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The underground economy in Spain: an alternative to unemployment?

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  • Namkee Ahn
  • Sara La De Rica

Abstract

This paper analyses the factors which determine whether an individual works in the formal sector, in the informal sector, or remains unemployed in the Spanish labour market. We highlight the implications of high unemployment on an individual's decision to work in the underground economy. We postulate that an individual decides (or is chosen) whether to work in the formal sector or not in a first stage and, if not, in a second stage decides whether to work in the underground sector or to remain unemployed. We estimate a bivariate probit model which controls for selectivity bias in the second stage. The result indicates on the one hand, that heads of household, who benefit more from social security provisions obtained in formal sector jobs, are more likely to work in such sector than others. Besides, demand restrictions seem to operate as well-individuals with higher education have easier access to the formal sector. On the other hand, among those who do not work in the formal sector, the probability of working in the informal sector relative to being unemployed is higher among those whose head of household works. For females, the probability of staying unemployed (relative to working in the informal sector) increases with education, suggesting that highly educated women prefer to search for a formal sector job rather than to work in the underground economy. We also examine the job search behaviour among the informal sector workers.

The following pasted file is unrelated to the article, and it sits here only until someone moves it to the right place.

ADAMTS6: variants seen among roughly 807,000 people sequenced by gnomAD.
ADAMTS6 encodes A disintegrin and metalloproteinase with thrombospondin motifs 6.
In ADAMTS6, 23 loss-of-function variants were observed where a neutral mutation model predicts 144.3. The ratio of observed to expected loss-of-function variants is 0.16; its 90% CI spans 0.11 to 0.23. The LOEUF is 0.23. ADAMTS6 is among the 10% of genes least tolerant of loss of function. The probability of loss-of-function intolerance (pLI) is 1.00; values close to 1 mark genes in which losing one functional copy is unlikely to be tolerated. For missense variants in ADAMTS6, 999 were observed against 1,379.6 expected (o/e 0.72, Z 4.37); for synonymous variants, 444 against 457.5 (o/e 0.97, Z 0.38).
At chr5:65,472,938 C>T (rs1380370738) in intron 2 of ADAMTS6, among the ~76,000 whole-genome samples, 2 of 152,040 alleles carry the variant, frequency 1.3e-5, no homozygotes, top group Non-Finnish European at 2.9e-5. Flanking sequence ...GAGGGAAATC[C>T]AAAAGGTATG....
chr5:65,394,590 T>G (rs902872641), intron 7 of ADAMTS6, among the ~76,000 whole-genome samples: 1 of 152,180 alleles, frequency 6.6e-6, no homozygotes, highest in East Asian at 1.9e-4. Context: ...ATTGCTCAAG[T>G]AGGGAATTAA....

Suggested Citation

  • Namkee Ahn & Sara La De Rica, 1997. "The underground economy in Spain: an alternative to unemployment?," Applied Economics, Taylor & Francis Journals, vol. 29(6), pages 733-743.
  • Handle: RePEc:taf:applec:v:29:y:1997:i:6:p:733-743
    DOI: 10.1080/000368497326660
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    References listed on IDEAS

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    1. Lisa M. Lynch, 1987. "Individual Differences in the Youth Labour Market: A Cross-section Analysis of London Youths," Palgrave Macmillan Books, in: P. N. Junankar (ed.), From School to Unemployment?, chapter 9, pages 185-214, Palgrave Macmillan.
    2. Heckman, James, 2013. "Sample selection bias as a specification error," Applied Econometrics, Russian Presidential Academy of National Economy and Public Administration (RANEPA), vol. 31(3), pages 129-137.
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